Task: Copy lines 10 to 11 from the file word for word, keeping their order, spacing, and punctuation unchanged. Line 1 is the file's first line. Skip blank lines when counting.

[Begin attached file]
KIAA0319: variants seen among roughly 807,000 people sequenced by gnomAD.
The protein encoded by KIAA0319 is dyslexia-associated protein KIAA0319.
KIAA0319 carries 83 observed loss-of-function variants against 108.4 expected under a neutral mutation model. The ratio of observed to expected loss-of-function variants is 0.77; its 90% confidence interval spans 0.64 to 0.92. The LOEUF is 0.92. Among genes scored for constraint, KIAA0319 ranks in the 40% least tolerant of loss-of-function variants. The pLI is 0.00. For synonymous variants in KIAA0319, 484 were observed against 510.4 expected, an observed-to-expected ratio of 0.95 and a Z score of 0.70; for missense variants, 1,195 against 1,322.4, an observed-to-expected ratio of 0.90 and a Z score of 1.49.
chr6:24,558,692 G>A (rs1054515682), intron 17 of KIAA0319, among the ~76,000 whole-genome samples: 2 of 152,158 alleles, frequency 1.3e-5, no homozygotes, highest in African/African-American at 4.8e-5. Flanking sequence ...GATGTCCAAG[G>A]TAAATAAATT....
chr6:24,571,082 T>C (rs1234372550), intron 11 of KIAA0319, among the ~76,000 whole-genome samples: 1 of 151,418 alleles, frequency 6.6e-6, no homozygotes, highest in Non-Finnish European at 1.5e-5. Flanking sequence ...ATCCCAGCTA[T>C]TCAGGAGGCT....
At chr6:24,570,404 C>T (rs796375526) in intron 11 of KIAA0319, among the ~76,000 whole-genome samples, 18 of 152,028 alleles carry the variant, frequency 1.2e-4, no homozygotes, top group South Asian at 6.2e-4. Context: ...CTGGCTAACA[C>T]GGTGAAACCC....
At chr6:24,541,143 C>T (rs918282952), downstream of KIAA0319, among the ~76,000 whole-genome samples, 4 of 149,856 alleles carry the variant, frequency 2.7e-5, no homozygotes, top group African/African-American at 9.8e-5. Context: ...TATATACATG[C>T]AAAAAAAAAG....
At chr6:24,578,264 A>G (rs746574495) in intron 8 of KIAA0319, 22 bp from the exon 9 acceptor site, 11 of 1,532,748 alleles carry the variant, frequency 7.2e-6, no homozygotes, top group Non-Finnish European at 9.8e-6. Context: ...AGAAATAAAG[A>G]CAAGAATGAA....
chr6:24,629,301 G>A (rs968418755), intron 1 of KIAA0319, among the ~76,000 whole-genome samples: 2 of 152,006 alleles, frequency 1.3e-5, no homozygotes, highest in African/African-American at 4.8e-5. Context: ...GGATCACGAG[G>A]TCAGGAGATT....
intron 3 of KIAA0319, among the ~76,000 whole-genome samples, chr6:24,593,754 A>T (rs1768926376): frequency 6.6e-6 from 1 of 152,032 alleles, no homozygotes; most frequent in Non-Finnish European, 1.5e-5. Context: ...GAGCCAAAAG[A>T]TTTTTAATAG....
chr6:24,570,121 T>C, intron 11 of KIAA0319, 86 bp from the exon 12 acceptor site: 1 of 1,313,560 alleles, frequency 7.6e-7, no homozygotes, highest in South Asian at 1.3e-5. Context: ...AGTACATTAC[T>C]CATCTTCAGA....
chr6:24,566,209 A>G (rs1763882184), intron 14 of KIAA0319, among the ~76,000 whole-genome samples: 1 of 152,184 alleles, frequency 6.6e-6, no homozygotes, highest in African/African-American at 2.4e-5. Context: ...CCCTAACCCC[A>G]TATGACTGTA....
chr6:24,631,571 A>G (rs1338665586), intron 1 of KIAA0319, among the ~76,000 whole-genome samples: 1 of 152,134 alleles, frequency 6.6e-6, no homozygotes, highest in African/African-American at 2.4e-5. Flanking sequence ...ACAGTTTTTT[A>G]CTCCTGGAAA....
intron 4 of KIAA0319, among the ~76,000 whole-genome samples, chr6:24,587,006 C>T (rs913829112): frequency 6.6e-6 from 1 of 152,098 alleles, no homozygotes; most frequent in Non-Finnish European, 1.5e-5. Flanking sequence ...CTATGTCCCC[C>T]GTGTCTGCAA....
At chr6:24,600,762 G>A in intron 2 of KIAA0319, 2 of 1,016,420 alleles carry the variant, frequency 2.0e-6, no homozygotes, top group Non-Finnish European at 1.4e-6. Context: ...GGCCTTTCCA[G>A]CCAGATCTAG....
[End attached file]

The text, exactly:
intron 3 of KIAA0319, among the ~76,000 whole-genome samples, chr6:24,593,754 A>T (rs1768926376): frequency 6.6e-6 from 1 of 152,032 alleles, no homozygotes; most frequent in Non-Finnish European, 1.5e-5. Context: ...GAGCCAAAAG[A>T]TTTTTAATAG....
chr6:24,570,121 T>C, intron 11 of KIAA0319, 86 bp from the exon 12 acceptor site: 1 of 1,313,560 alleles, frequency 7.6e-7, no homozygotes, highest in South Asian at 1.3e-5. Context: ...AGTACATTAC[T>C]CATCTTCAGA....